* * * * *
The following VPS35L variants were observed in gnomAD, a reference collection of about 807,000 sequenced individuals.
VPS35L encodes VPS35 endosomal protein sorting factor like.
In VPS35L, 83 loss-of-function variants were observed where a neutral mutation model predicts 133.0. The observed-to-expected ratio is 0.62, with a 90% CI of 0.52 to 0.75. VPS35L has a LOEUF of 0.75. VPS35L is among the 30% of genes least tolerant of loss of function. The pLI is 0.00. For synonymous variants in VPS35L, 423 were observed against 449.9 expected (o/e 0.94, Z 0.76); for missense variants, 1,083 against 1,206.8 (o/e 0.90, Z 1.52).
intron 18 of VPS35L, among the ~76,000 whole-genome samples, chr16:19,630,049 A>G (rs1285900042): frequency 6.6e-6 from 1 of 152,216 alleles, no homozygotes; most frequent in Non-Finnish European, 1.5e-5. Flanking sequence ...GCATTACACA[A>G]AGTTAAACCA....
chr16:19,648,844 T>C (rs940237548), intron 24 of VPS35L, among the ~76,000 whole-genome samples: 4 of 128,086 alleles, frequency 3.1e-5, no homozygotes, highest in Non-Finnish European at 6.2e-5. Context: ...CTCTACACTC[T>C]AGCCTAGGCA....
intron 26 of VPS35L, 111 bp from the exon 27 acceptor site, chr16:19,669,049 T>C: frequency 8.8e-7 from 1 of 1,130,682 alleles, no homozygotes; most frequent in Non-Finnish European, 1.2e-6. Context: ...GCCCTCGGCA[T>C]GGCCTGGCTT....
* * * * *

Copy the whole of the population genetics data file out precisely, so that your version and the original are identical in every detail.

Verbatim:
The following VPS35L variants were observed in gnomAD, a reference collection of about 807,000 sequenced individuals.
VPS35L encodes VPS35 endosomal protein sorting factor like.
In VPS35L, 83 loss-of-function variants were observed where a neutral mutation model predicts 133.0. The observed-to-expected ratio is 0.62, with a 90% CI of 0.52 to 0.75. VPS35L has a LOEUF of 0.75. VPS35L is among the 30% of genes least tolerant of loss of function. The pLI is 0.00. For synonymous variants in VPS35L, 423 were observed against 449.9 expected (o/e 0.94, Z 0.76); for missense variants, 1,083 against 1,206.8 (o/e 0.90, Z 1.52).
intron 18 of VPS35L, among the ~76,000 whole-genome samples, chr16:19,630,049 A>G (rs1285900042): frequency 6.6e-6 from 1 of 152,216 alleles, no homozygotes; most frequent in Non-Finnish European, 1.5e-5. Flanking sequence ...GCATTACACA[A>G]AGTTAAACCA....
chr16:19,648,844 T>C (rs940237548), intron 24 of VPS35L, among the ~76,000 whole-genome samples: 4 of 128,086 alleles, frequency 3.1e-5, no homozygotes, highest in Non-Finnish European at 6.2e-5. Context: ...CTCTACACTC[T>C]AGCCTAGGCA....
intron 26 of VPS35L, 111 bp from the exon 27 acceptor site, chr16:19,669,049 T>C: frequency 8.8e-7 from 1 of 1,130,682 alleles, no homozygotes; most frequent in Non-Finnish European, 1.2e-6. Context: ...GCCCTCGGCA[T>C]GGCCTGGCTT....